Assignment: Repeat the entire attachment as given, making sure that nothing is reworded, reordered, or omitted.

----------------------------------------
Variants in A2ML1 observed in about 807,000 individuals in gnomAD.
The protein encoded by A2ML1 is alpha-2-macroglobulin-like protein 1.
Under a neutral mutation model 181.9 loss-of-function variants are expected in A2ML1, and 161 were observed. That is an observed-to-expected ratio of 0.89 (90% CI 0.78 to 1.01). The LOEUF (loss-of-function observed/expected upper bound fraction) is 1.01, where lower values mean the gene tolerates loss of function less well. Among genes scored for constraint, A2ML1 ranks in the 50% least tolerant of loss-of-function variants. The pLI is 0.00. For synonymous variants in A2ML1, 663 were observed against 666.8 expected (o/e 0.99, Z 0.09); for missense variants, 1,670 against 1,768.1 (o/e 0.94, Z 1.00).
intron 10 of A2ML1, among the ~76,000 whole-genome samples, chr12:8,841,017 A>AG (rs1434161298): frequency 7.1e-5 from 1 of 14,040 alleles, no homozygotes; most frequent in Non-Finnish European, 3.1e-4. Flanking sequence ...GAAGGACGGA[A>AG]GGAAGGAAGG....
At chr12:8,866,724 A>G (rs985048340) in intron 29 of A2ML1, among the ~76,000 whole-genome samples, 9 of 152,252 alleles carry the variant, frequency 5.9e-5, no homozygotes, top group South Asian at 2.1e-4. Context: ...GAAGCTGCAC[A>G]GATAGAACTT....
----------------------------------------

Variants in A2ML1 observed in about 807,000 individuals in gnomAD.
The protein encoded by A2ML1 is alpha-2-macroglobulin-like protein 1.
Under a neutral mutation model 181.9 loss-of-function variants are expected in A2ML1, and 161 were observed. That is an observed-to-expected ratio of 0.89 (90% CI 0.78 to 1.01). The LOEUF (loss-of-function observed/expected upper bound fraction) is 1.01, where lower values mean the gene tolerates loss of function less well. Among genes scored for constraint, A2ML1 ranks in the 50% least tolerant of loss-of-function variants. The pLI is 0.00. For synonymous variants in A2ML1, 663 were observed against 666.8 expected (o/e 0.99, Z 0.09); for missense variants, 1,670 against 1,768.1 (o/e 0.94, Z 1.00).
intron 10 of A2ML1, among the ~76,000 whole-genome samples, chr12:8,841,017 A>AG (rs1434161298): frequency 7.1e-5 from 1 of 14,040 alleles, no homozygotes; most frequent in Non-Finnish European, 3.1e-4. Flanking sequence ...GAAGGACGGA[A>AG]GGAAGGAAGG....
At chr12:8,866,724 A>G (rs985048340) in intron 29 of A2ML1, among the ~76,000 whole-genome samples, 9 of 152,252 alleles carry the variant, frequency 5.9e-5, no homozygotes, top group South Asian at 2.1e-4. Context: ...GAAGCTGCAC[A>G]GATAGAACTT....